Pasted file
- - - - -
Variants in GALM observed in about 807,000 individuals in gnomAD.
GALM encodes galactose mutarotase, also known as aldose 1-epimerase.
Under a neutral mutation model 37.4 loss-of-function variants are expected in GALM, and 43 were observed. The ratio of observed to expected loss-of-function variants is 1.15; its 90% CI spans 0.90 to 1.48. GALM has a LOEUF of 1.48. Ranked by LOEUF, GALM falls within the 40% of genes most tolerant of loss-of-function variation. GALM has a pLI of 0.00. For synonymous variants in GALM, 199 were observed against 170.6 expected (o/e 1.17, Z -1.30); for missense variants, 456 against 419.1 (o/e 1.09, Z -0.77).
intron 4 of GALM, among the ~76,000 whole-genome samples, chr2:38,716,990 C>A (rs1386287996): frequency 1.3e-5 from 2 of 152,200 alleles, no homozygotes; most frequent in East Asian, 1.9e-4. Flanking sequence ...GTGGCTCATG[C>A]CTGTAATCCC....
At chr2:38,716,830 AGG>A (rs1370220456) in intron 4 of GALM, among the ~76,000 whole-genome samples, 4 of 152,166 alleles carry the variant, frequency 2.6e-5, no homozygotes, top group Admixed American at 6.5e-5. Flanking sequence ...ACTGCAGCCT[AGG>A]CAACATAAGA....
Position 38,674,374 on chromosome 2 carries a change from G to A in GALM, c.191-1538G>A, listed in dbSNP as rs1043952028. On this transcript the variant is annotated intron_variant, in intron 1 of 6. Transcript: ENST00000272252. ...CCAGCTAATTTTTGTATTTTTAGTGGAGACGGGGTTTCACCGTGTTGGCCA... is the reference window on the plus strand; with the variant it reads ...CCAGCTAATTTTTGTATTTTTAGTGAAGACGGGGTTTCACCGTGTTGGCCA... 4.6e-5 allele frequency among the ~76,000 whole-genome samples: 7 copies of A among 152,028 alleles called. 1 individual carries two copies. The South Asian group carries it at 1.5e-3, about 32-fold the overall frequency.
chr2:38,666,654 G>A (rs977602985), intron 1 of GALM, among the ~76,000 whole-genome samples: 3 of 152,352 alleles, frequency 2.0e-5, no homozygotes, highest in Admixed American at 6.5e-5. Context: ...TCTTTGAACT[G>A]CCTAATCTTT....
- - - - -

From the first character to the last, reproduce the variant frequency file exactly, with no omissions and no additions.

Variants in GALM observed in about 807,000 individuals in gnomAD.
GALM encodes galactose mutarotase, also known as aldose 1-epimerase.
Under a neutral mutation model 37.4 loss-of-function variants are expected in GALM, and 43 were observed. The ratio of observed to expected loss-of-function variants is 1.15; its 90% CI spans 0.90 to 1.48. GALM has a LOEUF of 1.48. Ranked by LOEUF, GALM falls within the 40% of genes most tolerant of loss-of-function variation. GALM has a pLI of 0.00. For synonymous variants in GALM, 199 were observed against 170.6 expected (o/e 1.17, Z -1.30); for missense variants, 456 against 419.1 (o/e 1.09, Z -0.77).
intron 4 of GALM, among the ~76,000 whole-genome samples, chr2:38,716,990 C>A (rs1386287996): frequency 1.3e-5 from 2 of 152,200 alleles, no homozygotes; most frequent in East Asian, 1.9e-4. Flanking sequence ...GTGGCTCATG[C>A]CTGTAATCCC....
At chr2:38,716,830 AGG>A (rs1370220456) in intron 4 of GALM, among the ~76,000 whole-genome samples, 4 of 152,166 alleles carry the variant, frequency 2.6e-5, no homozygotes, top group Admixed American at 6.5e-5. Flanking sequence ...ACTGCAGCCT[AGG>A]CAACATAAGA....
Position 38,674,374 on chromosome 2 carries a change from G to A in GALM, c.191-1538G>A, listed in dbSNP as rs1043952028. On this transcript the variant is annotated intron_variant, in intron 1 of 6. Transcript: ENST00000272252. ...CCAGCTAATTTTTGTATTTTTAGTGGAGACGGGGTTTCACCGTGTTGGCCA... is the reference window on the plus strand; with the variant it reads ...CCAGCTAATTTTTGTATTTTTAGTGAAGACGGGGTTTCACCGTGTTGGCCA... 4.6e-5 allele frequency among the ~76,000 whole-genome samples: 7 copies of A among 152,028 alleles called. 1 individual carries two copies. The South Asian group carries it at 1.5e-3, about 32-fold the overall frequency.
chr2:38,666,654 G>A (rs977602985), intron 1 of GALM, among the ~76,000 whole-genome samples: 3 of 152,352 alleles, frequency 2.0e-5, no homozygotes, highest in Admixed American at 6.5e-5. Context: ...TCTTTGAACT[G>A]CCTAATCTTT....